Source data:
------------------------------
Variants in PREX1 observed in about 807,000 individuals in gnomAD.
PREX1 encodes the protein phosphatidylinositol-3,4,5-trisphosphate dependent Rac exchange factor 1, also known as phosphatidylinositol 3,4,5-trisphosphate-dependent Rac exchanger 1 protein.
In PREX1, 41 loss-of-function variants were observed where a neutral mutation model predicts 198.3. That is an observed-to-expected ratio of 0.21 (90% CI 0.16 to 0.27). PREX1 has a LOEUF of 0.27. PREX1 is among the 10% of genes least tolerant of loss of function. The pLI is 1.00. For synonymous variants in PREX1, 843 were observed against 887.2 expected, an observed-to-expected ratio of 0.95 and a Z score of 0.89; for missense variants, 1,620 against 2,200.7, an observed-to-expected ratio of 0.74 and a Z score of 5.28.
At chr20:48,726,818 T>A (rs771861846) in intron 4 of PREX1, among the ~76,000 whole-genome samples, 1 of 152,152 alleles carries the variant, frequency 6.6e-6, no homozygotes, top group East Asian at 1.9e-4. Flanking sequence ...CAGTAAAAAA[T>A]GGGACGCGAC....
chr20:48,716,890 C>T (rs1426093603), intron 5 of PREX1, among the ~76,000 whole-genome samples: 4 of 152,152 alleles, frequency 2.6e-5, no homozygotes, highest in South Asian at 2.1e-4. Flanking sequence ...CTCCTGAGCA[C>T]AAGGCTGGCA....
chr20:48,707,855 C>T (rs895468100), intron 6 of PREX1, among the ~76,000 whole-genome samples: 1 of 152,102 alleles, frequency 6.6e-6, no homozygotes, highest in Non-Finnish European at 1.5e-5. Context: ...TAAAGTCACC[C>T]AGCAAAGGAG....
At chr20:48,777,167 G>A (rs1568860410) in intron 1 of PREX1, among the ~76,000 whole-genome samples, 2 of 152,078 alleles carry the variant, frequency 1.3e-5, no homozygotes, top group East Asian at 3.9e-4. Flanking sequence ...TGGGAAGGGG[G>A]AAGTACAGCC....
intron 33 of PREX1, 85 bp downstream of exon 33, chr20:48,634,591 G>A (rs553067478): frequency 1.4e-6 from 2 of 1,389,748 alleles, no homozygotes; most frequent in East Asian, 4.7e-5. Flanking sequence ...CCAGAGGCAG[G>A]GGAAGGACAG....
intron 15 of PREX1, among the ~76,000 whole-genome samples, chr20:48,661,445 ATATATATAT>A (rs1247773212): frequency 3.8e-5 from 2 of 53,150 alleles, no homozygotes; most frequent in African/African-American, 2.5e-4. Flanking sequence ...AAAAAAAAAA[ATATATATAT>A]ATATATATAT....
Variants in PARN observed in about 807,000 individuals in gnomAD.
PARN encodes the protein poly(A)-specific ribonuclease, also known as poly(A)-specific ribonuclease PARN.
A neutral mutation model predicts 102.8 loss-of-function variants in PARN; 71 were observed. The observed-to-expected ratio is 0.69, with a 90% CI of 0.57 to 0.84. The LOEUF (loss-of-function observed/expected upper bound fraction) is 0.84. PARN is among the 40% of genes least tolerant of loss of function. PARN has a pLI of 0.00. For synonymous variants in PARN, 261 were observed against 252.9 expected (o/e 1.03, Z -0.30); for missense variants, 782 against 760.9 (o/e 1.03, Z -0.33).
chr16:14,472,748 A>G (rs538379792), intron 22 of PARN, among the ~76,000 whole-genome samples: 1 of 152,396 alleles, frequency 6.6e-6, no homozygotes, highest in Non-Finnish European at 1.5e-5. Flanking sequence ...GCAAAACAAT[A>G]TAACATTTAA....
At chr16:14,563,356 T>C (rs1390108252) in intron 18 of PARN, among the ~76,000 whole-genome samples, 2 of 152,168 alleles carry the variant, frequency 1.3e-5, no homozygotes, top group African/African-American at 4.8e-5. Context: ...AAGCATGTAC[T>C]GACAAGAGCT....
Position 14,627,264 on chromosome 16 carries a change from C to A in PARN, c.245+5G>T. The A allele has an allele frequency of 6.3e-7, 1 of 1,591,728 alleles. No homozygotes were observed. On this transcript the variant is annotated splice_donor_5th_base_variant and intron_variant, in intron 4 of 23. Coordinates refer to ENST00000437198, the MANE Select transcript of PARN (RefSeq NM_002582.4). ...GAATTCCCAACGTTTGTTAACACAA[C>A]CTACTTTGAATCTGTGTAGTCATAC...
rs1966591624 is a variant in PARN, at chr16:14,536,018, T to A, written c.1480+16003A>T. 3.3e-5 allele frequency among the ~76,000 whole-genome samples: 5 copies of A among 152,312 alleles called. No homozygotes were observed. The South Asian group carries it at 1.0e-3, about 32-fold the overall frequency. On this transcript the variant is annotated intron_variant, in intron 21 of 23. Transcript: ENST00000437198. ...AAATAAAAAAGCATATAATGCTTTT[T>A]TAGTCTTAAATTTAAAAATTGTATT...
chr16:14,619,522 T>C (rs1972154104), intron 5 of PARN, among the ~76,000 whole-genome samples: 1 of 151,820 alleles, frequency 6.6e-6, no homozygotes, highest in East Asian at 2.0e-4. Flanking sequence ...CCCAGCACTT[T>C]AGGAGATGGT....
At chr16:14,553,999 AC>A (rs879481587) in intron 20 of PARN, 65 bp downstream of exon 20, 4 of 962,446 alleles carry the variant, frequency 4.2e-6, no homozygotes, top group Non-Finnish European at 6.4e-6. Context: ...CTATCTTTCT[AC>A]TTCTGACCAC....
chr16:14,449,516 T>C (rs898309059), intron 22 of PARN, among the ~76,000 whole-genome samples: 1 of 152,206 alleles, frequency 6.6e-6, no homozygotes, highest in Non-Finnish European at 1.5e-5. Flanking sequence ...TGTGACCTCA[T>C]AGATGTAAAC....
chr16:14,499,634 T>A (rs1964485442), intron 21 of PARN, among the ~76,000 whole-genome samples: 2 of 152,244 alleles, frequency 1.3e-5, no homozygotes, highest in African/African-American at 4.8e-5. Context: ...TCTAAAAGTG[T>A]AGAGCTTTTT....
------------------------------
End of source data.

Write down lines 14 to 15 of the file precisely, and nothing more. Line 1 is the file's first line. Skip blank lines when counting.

At chr16:14,563,356 T>C (rs1390108252) in intron 18 of PARN, among the ~76,000 whole-genome samples, 2 of 152,168 alleles carry the variant, frequency 1.3e-5, no homozygotes, top group African/African-American at 4.8e-5. Context: ...AAGCATGTAC[T>C]GACAAGAGCT....
Position 14,627,264 on chromosome 16 carries a change from C to A in PARN, c.245+5G>T. The A allele has an allele frequency of 6.3e-7, 1 of 1,591,728 alleles. No homozygotes were observed. On this transcript the variant is annotated splice_donor_5th_base_variant and intron_variant, in intron 4 of 23. Coordinates refer to ENST00000437198, the MANE Select transcript of PARN (RefSeq NM_002582.4). ...GAATTCCCAACGTTTGTTAACACAA[C>A]CTACTTTGAATCTGTGTAGTCATAC...